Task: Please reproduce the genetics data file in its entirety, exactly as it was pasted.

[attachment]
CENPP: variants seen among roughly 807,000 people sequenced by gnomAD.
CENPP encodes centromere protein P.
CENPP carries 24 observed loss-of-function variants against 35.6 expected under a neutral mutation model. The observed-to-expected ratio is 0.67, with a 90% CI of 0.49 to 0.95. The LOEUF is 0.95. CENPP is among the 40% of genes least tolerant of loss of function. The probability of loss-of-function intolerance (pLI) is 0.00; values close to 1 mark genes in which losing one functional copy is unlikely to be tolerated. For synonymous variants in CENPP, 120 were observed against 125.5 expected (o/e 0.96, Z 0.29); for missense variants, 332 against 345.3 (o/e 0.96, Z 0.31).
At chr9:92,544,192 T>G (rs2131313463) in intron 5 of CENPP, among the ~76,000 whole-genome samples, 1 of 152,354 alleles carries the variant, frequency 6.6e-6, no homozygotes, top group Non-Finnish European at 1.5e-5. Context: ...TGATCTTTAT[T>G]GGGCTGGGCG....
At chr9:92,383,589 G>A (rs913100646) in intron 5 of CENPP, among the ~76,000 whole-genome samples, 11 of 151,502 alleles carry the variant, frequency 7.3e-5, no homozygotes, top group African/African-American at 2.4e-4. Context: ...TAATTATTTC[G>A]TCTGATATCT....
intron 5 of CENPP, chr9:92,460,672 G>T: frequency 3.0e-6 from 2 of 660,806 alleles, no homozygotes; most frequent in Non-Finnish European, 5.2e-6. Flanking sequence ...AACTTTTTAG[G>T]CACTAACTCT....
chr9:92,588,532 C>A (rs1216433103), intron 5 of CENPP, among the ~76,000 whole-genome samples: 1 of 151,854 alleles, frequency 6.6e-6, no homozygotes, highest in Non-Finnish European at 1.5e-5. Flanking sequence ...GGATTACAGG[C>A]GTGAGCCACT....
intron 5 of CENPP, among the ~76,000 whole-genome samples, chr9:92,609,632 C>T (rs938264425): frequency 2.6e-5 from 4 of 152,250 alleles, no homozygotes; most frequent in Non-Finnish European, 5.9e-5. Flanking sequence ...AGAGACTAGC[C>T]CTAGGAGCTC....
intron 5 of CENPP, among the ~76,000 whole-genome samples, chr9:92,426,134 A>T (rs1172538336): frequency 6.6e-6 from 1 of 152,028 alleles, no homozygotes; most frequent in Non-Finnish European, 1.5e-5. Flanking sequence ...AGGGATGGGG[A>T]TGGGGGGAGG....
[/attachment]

CENPP: variants seen among roughly 807,000 people sequenced by gnomAD.
CENPP encodes centromere protein P.
CENPP carries 24 observed loss-of-function variants against 35.6 expected under a neutral mutation model. The observed-to-expected ratio is 0.67, with a 90% CI of 0.49 to 0.95. The LOEUF is 0.95. CENPP is among the 40% of genes least tolerant of loss of function. The probability of loss-of-function intolerance (pLI) is 0.00; values close to 1 mark genes in which losing one functional copy is unlikely to be tolerated. For synonymous variants in CENPP, 120 were observed against 125.5 expected (o/e 0.96, Z 0.29); for missense variants, 332 against 345.3 (o/e 0.96, Z 0.31).
At chr9:92,544,192 T>G (rs2131313463) in intron 5 of CENPP, among the ~76,000 whole-genome samples, 1 of 152,354 alleles carries the variant, frequency 6.6e-6, no homozygotes, top group Non-Finnish European at 1.5e-5. Context: ...TGATCTTTAT[T>G]GGGCTGGGCG....
At chr9:92,383,589 G>A (rs913100646) in intron 5 of CENPP, among the ~76,000 whole-genome samples, 11 of 151,502 alleles carry the variant, frequency 7.3e-5, no homozygotes, top group African/African-American at 2.4e-4. Context: ...TAATTATTTC[G>A]TCTGATATCT....
intron 5 of CENPP, chr9:92,460,672 G>T: frequency 3.0e-6 from 2 of 660,806 alleles, no homozygotes; most frequent in Non-Finnish European, 5.2e-6. Flanking sequence ...AACTTTTTAG[G>T]CACTAACTCT....
chr9:92,588,532 C>A (rs1216433103), intron 5 of CENPP, among the ~76,000 whole-genome samples: 1 of 151,854 alleles, frequency 6.6e-6, no homozygotes, highest in Non-Finnish European at 1.5e-5. Flanking sequence ...GGATTACAGG[C>A]GTGAGCCACT....
intron 5 of CENPP, among the ~76,000 whole-genome samples, chr9:92,609,632 C>T (rs938264425): frequency 2.6e-5 from 4 of 152,250 alleles, no homozygotes; most frequent in Non-Finnish European, 5.9e-5. Flanking sequence ...AGAGACTAGC[C>T]CTAGGAGCTC....
intron 5 of CENPP, among the ~76,000 whole-genome samples, chr9:92,426,134 A>T (rs1172538336): frequency 6.6e-6 from 1 of 152,028 alleles, no homozygotes; most frequent in Non-Finnish European, 1.5e-5. Flanking sequence ...AGGGATGGGG[A>T]TGGGGGGAGG....